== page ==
3 Ted Ginn Jr.

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Ginn Jr. was the 9th pick in the 2007 draft for the Miami Dolphins and was a highly touted recruit out of perennial juggernaut (The) Ohio State University.

A gifted track and field star, Ginn was noted for his pace and had a stellar college career with the Buckeyes. His NFL career has thus far failed to live up to the lofty expectations he was set out of college. He hopped around the league with stints in Miami, San Francisco, Carolina and Arizona. He’s now back with the Panthers.

Injuries haven’t been a factor really for Ginn in his NFL career, he’s just failed to cement any starting role on a team, with his hands being the issue. Sure there was the pace, but not necessarily the ability to catch, which is again something receivers need.

Last season, he actually caught 10 touchdowns and actually played well in the Super Bowl, but he’s got some ways to go to make up for the past eight seasons.

2 Justin Blackmon

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Blackmon was a highly touted prospect out of Oklahoma State prior to the 2012 draft, where the perennially snake-bitten Jacksonville Jaguars took him.

At 6’1’’ with decent speed and scouted as a good route runner, it appeared taking him with the fifth pick was a solid choice.

But oh, were the Jaguars were wrong, especially when you consider he was drafted ahead of Alshon Jeffery (who went to the Bears in the second round) and T.Y. Hilton (to the Colts in the third round).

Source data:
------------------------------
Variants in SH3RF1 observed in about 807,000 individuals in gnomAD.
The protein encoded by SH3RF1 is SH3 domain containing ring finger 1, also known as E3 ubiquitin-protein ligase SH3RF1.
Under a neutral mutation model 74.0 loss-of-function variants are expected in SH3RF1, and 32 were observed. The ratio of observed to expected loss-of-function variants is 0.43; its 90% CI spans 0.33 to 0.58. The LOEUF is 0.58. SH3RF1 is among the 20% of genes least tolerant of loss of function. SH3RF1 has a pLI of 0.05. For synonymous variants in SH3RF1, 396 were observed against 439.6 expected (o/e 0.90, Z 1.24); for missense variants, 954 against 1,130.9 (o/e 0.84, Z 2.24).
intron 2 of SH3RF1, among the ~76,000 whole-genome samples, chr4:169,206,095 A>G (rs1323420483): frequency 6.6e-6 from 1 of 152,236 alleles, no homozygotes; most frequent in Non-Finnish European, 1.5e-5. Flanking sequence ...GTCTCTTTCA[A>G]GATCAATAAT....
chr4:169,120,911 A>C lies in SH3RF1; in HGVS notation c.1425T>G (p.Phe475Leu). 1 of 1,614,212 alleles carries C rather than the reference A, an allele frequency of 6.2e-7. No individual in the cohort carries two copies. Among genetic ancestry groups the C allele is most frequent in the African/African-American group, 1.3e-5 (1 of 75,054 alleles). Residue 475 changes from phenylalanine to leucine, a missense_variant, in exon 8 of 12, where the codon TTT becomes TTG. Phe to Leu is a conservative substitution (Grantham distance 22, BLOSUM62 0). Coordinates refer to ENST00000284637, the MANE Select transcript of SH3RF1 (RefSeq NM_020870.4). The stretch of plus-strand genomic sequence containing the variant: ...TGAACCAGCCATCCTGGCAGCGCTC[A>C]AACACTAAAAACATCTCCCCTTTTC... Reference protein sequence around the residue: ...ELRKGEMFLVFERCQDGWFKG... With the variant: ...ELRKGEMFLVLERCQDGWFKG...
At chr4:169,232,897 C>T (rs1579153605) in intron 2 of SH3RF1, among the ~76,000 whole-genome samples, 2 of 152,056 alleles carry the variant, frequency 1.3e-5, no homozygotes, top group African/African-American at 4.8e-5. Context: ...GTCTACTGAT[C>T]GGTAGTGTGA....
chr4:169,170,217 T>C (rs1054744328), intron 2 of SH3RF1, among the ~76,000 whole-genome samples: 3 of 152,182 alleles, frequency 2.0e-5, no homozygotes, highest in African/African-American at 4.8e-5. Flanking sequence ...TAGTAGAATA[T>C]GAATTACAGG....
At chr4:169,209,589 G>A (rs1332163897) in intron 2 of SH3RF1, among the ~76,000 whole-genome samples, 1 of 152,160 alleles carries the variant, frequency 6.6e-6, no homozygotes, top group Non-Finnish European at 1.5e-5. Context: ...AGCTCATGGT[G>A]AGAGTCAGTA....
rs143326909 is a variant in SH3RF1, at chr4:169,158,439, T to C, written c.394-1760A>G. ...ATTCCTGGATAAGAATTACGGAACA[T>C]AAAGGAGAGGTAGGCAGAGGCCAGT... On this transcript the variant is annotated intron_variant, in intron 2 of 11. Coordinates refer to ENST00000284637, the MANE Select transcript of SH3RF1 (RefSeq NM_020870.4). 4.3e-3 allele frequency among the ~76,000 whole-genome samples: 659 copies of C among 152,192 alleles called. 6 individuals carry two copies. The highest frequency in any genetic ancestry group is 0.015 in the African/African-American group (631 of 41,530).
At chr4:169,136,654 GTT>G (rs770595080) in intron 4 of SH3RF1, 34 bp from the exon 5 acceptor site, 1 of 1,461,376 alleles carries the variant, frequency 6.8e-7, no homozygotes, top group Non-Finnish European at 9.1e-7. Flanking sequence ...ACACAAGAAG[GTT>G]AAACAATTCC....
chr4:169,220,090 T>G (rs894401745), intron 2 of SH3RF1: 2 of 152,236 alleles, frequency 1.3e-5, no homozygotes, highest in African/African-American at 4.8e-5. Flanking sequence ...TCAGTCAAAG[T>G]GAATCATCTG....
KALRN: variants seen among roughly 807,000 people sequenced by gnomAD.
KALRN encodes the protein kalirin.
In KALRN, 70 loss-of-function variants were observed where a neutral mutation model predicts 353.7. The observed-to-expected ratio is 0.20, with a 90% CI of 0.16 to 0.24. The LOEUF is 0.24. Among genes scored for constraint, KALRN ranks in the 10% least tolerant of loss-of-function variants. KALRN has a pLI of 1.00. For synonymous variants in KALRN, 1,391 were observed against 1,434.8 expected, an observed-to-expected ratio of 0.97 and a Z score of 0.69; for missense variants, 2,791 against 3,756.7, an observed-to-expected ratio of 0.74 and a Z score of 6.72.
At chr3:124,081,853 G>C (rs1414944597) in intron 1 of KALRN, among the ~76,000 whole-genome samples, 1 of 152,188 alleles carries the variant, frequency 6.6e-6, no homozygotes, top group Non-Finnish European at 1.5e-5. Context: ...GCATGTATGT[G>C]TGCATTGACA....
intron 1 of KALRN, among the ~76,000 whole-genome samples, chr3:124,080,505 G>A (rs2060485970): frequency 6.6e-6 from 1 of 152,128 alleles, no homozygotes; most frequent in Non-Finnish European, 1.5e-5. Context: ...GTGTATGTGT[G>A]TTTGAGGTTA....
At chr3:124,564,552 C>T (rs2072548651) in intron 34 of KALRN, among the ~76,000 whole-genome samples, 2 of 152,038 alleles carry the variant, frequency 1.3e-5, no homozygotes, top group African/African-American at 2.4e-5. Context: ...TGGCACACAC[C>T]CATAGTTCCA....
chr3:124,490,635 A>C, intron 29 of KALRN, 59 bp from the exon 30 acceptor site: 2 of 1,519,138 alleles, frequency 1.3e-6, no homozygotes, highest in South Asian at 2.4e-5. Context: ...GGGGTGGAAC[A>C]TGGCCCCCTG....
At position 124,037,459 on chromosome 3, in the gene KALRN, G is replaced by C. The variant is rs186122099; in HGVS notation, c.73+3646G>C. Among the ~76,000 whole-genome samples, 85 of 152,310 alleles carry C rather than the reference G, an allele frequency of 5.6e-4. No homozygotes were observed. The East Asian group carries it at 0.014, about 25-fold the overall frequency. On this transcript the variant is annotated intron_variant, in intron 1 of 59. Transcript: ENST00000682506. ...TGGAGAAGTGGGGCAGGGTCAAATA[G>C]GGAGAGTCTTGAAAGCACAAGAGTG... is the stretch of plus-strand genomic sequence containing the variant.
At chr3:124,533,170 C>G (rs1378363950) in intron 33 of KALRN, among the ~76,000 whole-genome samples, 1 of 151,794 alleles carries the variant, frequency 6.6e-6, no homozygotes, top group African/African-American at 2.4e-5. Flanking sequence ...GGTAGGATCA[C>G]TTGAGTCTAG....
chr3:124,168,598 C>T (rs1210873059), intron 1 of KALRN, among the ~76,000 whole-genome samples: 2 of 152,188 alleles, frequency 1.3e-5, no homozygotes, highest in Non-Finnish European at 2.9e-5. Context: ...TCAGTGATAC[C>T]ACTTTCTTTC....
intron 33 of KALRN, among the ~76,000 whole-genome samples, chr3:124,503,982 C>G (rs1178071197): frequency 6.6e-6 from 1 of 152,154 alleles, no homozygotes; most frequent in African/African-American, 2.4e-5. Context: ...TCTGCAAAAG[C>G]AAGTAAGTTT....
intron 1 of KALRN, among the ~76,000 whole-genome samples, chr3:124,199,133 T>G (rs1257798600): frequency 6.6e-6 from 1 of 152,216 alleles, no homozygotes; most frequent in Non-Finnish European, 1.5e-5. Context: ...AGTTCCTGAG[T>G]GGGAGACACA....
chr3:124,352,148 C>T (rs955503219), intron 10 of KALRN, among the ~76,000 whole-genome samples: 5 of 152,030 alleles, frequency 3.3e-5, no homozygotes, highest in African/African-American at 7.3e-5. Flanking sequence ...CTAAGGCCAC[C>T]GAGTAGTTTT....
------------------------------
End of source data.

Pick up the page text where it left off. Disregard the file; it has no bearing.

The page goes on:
After leading all rookies with 64 catches and 865 yards, his career would essentially cease in 2013, but it was commenced on suspension of violating the league’s substance abuse policy (read as "pot"), then Blackmon would get arrested at a traffic stop for possession of marijuana in 2014 and arrested again late last year for a DUI. Mixed in all those events was a rehab stint and rumors of playing in the CFL, probably the worst offense of all.

1 Charles Rogers

via espn.com

Rogers is considered to be one the greatest busts (all positions) in the history of the league.

Part of me finds it a little hard to feel sorry for the Lions here, given that they got blessed with another wide receiver a few years later who would absolutely demolish secondaries.

But Charles Rogers, who was born and bred in Michigan (born in Saginaw, went to Michigan State), didn’t work out.

Taken with the second pick in the 2003 draft, he was picked ahead of some names that included Andre Johnson (yikes), Anquan Boldin (feeling nausea now), and Taco Wallace. Oh come on! Like you wouldn’t want Taco on your team!

Rogers would catch all of 36 balls and score four touchdowns in his three seasons in Detroit. He would also violate the league’s substance abuse policy three times and be labeled “lazy” by pretty much everyone in the Lions organization. He was an unfortunate waste of talent.